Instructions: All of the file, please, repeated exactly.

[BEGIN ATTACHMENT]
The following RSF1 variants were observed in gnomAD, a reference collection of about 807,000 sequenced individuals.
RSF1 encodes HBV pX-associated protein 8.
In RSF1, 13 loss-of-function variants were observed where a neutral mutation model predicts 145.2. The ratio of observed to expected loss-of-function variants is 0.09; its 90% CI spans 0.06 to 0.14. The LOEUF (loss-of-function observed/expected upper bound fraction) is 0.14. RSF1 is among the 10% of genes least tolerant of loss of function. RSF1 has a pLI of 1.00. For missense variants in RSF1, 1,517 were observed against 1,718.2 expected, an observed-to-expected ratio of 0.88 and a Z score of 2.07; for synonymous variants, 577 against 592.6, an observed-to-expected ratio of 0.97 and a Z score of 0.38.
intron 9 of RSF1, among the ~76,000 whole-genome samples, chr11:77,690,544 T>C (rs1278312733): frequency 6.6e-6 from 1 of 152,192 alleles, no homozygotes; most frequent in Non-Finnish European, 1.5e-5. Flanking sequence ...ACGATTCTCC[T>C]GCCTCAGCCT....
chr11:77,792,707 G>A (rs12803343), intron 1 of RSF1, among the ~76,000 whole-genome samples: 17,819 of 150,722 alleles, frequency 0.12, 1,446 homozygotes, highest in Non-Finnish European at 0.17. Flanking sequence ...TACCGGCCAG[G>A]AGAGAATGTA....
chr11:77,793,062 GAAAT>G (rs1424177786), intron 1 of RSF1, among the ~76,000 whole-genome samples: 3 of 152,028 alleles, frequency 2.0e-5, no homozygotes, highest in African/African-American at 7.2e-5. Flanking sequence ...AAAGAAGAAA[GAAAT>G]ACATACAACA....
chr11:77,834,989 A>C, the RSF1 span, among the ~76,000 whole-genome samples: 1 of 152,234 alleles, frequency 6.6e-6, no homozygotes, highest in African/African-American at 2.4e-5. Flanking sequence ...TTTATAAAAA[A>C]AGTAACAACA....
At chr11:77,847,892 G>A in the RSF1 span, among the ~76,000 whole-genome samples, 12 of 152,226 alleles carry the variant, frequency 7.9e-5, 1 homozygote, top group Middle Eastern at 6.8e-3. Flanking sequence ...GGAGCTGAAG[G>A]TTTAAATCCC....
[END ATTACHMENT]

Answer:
The following RSF1 variants were observed in gnomAD, a reference collection of about 807,000 sequenced individuals.
RSF1 encodes HBV pX-associated protein 8.
In RSF1, 13 loss-of-function variants were observed where a neutral mutation model predicts 145.2. The ratio of observed to expected loss-of-function variants is 0.09; its 90% CI spans 0.06 to 0.14. The LOEUF (loss-of-function observed/expected upper bound fraction) is 0.14. RSF1 is among the 10% of genes least tolerant of loss of function. RSF1 has a pLI of 1.00. For missense variants in RSF1, 1,517 were observed against 1,718.2 expected, an observed-to-expected ratio of 0.88 and a Z score of 2.07; for synonymous variants, 577 against 592.6, an observed-to-expected ratio of 0.97 and a Z score of 0.38.
intron 9 of RSF1, among the ~76,000 whole-genome samples, chr11:77,690,544 T>C (rs1278312733): frequency 6.6e-6 from 1 of 152,192 alleles, no homozygotes; most frequent in Non-Finnish European, 1.5e-5. Flanking sequence ...ACGATTCTCC[T>C]GCCTCAGCCT....
chr11:77,792,707 G>A (rs12803343), intron 1 of RSF1, among the ~76,000 whole-genome samples: 17,819 of 150,722 alleles, frequency 0.12, 1,446 homozygotes, highest in Non-Finnish European at 0.17. Flanking sequence ...TACCGGCCAG[G>A]AGAGAATGTA....
chr11:77,793,062 GAAAT>G (rs1424177786), intron 1 of RSF1, among the ~76,000 whole-genome samples: 3 of 152,028 alleles, frequency 2.0e-5, no homozygotes, highest in African/African-American at 7.2e-5. Flanking sequence ...AAAGAAGAAA[GAAAT>G]ACATACAACA....
chr11:77,834,989 A>C, the RSF1 span, among the ~76,000 whole-genome samples: 1 of 152,234 alleles, frequency 6.6e-6, no homozygotes, highest in African/African-American at 2.4e-5. Flanking sequence ...TTTATAAAAA[A>C]AGTAACAACA....
At chr11:77,847,892 G>A in the RSF1 span, among the ~76,000 whole-genome samples, 12 of 152,226 alleles carry the variant, frequency 7.9e-5, 1 homozygote, top group Middle Eastern at 6.8e-3. Flanking sequence ...GGAGCTGAAG[G>A]TTTAAATCCC....